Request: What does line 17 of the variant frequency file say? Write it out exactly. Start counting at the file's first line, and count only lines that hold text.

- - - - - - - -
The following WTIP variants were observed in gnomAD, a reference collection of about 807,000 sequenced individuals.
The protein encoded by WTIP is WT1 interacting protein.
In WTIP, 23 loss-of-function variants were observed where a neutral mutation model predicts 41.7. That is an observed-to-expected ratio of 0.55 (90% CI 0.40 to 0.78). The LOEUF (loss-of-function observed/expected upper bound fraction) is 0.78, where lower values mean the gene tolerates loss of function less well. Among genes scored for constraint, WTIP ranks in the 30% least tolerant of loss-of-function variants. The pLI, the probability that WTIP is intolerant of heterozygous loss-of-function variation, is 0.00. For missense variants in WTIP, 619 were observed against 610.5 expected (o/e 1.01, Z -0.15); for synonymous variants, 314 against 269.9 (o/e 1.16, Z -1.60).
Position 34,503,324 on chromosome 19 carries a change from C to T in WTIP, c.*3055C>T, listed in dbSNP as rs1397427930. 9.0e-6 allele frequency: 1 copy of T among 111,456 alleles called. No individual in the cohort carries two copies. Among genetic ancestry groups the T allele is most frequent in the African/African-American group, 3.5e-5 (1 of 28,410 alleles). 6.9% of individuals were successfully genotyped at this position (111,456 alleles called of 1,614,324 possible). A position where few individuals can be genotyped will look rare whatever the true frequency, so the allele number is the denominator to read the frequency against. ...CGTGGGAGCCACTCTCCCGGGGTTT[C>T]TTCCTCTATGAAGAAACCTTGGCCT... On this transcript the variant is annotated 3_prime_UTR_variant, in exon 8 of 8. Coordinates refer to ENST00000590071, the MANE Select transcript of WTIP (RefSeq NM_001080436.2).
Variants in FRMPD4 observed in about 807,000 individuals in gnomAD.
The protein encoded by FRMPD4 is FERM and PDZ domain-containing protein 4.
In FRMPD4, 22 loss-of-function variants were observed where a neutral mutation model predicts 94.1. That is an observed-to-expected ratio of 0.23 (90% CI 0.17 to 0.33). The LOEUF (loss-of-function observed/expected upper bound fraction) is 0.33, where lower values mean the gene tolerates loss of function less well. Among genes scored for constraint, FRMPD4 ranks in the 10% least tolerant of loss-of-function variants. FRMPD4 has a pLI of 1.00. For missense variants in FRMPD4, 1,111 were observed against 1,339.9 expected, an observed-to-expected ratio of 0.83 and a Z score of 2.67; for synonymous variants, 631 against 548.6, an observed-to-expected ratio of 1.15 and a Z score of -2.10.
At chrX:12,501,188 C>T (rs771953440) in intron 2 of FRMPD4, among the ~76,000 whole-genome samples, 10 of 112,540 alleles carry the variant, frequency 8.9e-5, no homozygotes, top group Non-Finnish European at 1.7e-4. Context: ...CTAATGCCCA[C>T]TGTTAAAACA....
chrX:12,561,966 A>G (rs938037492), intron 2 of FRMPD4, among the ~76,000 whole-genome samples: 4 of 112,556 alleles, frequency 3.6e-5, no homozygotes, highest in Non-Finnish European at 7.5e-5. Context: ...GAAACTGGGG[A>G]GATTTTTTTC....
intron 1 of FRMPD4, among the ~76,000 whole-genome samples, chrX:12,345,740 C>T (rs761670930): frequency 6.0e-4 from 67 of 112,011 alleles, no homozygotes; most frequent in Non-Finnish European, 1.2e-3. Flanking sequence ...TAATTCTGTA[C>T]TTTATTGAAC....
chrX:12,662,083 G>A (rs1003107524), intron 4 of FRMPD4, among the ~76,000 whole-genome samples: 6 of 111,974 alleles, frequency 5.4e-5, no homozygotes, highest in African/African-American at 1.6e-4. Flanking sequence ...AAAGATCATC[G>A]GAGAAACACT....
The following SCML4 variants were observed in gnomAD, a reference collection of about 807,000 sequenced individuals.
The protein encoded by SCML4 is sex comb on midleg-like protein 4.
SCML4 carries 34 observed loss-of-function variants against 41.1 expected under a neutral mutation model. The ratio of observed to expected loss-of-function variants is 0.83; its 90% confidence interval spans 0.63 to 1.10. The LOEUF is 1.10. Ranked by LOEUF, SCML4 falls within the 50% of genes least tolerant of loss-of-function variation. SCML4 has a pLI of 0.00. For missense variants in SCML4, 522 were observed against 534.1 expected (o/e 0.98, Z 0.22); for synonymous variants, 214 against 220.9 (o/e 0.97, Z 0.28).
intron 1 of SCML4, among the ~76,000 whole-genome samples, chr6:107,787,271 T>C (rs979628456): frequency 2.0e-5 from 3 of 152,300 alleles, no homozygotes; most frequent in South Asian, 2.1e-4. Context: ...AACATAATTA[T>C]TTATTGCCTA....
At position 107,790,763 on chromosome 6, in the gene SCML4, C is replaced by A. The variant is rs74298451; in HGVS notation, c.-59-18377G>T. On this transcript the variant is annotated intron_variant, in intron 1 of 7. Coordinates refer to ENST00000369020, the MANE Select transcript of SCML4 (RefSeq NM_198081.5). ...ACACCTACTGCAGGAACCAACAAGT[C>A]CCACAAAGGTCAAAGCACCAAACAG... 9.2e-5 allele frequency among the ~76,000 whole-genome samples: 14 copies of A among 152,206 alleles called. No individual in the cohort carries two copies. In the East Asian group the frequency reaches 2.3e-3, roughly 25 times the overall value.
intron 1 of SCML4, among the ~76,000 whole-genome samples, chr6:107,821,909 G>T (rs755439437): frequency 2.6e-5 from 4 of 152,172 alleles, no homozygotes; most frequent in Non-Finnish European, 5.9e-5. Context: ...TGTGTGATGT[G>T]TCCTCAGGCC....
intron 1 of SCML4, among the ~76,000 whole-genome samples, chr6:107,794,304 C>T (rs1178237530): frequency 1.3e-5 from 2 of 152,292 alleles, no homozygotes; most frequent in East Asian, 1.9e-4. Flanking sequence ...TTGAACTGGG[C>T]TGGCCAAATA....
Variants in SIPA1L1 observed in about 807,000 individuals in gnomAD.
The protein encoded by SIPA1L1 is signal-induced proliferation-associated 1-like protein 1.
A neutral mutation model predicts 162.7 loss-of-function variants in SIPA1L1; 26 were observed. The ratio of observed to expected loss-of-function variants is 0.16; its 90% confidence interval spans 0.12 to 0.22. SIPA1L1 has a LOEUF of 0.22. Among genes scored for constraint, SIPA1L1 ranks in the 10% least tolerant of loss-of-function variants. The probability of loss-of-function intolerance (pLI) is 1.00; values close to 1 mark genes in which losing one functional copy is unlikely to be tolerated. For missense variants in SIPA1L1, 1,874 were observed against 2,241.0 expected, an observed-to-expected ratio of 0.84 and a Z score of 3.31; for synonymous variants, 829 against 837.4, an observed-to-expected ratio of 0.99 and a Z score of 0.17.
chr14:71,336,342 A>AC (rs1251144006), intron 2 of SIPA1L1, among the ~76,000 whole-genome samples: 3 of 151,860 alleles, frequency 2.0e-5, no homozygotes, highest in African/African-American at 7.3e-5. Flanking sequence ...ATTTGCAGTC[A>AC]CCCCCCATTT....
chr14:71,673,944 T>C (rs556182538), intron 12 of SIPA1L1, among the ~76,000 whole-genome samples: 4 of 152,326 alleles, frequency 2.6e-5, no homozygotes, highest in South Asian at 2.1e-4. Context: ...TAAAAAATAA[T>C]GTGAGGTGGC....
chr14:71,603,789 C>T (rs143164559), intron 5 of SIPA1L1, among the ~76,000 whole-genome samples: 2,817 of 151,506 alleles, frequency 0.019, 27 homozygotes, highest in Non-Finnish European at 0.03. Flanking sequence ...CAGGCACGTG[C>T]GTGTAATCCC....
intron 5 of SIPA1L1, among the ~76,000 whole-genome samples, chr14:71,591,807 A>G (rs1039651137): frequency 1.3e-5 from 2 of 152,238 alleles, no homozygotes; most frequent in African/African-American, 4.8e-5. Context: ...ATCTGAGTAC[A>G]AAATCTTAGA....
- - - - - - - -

intron 1 of SCML4, among the ~76,000 whole-genome samples, chr6:107,821,909 G>T (rs755439437): frequency 2.6e-5 from 4 of 152,172 alleles, no homozygotes; most frequent in Non-Finnish European, 5.9e-5. Context: ...TGTGTGATGT[G>T]TCCTCAGGCC....